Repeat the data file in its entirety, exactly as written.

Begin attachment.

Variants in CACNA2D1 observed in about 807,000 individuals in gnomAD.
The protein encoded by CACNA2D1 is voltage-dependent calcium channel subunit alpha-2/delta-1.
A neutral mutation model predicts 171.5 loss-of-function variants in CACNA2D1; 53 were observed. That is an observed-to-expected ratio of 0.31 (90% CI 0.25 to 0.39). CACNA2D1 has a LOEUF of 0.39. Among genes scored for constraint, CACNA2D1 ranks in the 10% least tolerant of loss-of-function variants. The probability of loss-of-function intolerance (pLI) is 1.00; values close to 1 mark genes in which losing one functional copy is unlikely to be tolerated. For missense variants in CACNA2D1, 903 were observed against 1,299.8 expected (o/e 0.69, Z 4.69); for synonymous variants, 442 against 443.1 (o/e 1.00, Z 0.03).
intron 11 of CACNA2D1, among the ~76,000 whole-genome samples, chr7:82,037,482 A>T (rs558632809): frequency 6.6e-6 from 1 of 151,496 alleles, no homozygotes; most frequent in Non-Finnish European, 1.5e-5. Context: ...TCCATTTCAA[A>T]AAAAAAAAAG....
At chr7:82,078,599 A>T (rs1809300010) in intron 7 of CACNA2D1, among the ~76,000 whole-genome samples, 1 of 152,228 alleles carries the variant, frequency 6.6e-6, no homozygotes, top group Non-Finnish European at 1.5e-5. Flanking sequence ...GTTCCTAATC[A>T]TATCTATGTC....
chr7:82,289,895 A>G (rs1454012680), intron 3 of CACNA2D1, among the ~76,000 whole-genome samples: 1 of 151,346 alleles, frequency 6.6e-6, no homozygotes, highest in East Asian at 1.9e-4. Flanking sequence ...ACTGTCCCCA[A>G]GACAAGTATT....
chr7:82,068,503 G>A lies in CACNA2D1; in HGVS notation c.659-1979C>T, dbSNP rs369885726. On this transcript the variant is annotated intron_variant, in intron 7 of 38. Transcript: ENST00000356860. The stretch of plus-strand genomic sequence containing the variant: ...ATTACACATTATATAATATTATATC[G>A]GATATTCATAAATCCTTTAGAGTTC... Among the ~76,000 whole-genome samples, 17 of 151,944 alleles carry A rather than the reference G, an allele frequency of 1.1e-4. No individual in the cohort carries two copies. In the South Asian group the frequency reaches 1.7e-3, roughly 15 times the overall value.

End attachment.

Variants in CACNA2D1 observed in about 807,000 individuals in gnomAD.
The protein encoded by CACNA2D1 is voltage-dependent calcium channel subunit alpha-2/delta-1.
A neutral mutation model predicts 171.5 loss-of-function variants in CACNA2D1; 53 were observed. That is an observed-to-expected ratio of 0.31 (90% CI 0.25 to 0.39). CACNA2D1 has a LOEUF of 0.39. Among genes scored for constraint, CACNA2D1 ranks in the 10% least tolerant of loss-of-function variants. The probability of loss-of-function intolerance (pLI) is 1.00; values close to 1 mark genes in which losing one functional copy is unlikely to be tolerated. For missense variants in CACNA2D1, 903 were observed against 1,299.8 expected (o/e 0.69, Z 4.69); for synonymous variants, 442 against 443.1 (o/e 1.00, Z 0.03).
intron 11 of CACNA2D1, among the ~76,000 whole-genome samples, chr7:82,037,482 A>T (rs558632809): frequency 6.6e-6 from 1 of 151,496 alleles, no homozygotes; most frequent in Non-Finnish European, 1.5e-5. Context: ...TCCATTTCAA[A>T]AAAAAAAAAG....
At chr7:82,078,599 A>T (rs1809300010) in intron 7 of CACNA2D1, among the ~76,000 whole-genome samples, 1 of 152,228 alleles carries the variant, frequency 6.6e-6, no homozygotes, top group Non-Finnish European at 1.5e-5. Flanking sequence ...GTTCCTAATC[A>T]TATCTATGTC....
chr7:82,289,895 A>G (rs1454012680), intron 3 of CACNA2D1, among the ~76,000 whole-genome samples: 1 of 151,346 alleles, frequency 6.6e-6, no homozygotes, highest in East Asian at 1.9e-4. Flanking sequence ...ACTGTCCCCA[A>G]GACAAGTATT....
chr7:82,068,503 G>A lies in CACNA2D1; in HGVS notation c.659-1979C>T, dbSNP rs369885726. On this transcript the variant is annotated intron_variant, in intron 7 of 38. Transcript: ENST00000356860. The stretch of plus-strand genomic sequence containing the variant: ...ATTACACATTATATAATATTATATC[G>A]GATATTCATAAATCCTTTAGAGTTC... Among the ~76,000 whole-genome samples, 17 of 151,944 alleles carry A rather than the reference G, an allele frequency of 1.1e-4. No individual in the cohort carries two copies. In the South Asian group the frequency reaches 1.7e-3, roughly 15 times the overall value.